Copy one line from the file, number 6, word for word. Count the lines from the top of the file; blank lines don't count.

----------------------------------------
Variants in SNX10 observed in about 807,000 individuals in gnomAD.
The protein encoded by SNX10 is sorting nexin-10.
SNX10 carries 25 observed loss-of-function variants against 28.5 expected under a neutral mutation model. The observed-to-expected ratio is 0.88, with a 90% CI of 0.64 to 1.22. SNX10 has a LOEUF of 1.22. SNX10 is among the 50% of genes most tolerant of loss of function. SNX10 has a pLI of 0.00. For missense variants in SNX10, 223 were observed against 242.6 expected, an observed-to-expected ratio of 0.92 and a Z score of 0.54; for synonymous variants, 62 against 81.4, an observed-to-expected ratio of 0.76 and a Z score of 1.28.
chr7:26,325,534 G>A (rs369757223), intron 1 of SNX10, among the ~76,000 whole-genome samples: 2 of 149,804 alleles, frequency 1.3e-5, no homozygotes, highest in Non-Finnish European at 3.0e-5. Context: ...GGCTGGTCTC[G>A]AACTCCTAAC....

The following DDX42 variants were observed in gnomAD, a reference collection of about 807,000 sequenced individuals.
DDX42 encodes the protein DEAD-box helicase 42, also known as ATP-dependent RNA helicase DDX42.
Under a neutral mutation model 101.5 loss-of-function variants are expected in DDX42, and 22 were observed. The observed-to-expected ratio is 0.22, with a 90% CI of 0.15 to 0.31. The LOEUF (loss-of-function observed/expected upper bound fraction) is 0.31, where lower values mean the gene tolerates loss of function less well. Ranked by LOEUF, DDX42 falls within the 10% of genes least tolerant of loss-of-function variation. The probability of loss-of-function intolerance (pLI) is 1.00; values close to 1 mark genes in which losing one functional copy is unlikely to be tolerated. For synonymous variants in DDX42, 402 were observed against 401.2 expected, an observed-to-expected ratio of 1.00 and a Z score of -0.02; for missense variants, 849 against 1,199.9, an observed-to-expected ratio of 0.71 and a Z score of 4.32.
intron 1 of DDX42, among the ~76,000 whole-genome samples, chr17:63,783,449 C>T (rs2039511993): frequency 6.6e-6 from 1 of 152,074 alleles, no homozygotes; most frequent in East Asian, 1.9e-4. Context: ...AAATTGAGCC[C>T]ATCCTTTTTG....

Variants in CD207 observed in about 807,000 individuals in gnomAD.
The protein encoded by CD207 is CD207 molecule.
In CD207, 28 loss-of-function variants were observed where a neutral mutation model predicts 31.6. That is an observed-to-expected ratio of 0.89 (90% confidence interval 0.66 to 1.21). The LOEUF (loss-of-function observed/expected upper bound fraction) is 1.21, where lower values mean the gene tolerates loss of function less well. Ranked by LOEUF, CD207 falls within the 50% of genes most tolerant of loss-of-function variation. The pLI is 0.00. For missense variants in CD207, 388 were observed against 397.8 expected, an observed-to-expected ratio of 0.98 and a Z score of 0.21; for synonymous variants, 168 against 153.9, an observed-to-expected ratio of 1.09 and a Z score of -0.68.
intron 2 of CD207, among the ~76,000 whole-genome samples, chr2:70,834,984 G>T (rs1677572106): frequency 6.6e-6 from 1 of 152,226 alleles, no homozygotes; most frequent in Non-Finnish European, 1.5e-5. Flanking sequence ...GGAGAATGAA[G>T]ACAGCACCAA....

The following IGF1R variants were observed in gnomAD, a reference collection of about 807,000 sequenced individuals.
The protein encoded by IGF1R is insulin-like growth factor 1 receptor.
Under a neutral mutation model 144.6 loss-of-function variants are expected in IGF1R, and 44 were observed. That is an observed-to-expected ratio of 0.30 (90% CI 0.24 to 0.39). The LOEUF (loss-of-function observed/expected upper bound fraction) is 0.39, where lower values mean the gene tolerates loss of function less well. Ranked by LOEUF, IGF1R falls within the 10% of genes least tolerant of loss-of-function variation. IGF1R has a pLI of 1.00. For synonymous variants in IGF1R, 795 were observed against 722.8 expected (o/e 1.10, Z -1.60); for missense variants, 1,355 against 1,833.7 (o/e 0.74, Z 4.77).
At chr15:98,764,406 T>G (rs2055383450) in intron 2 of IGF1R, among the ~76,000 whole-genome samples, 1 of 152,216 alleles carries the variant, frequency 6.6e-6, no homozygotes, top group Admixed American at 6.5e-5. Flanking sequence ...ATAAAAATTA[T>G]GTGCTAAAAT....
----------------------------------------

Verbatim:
DDX42 encodes the protein DEAD-box helicase 42, also known as ATP-dependent RNA helicase DDX42.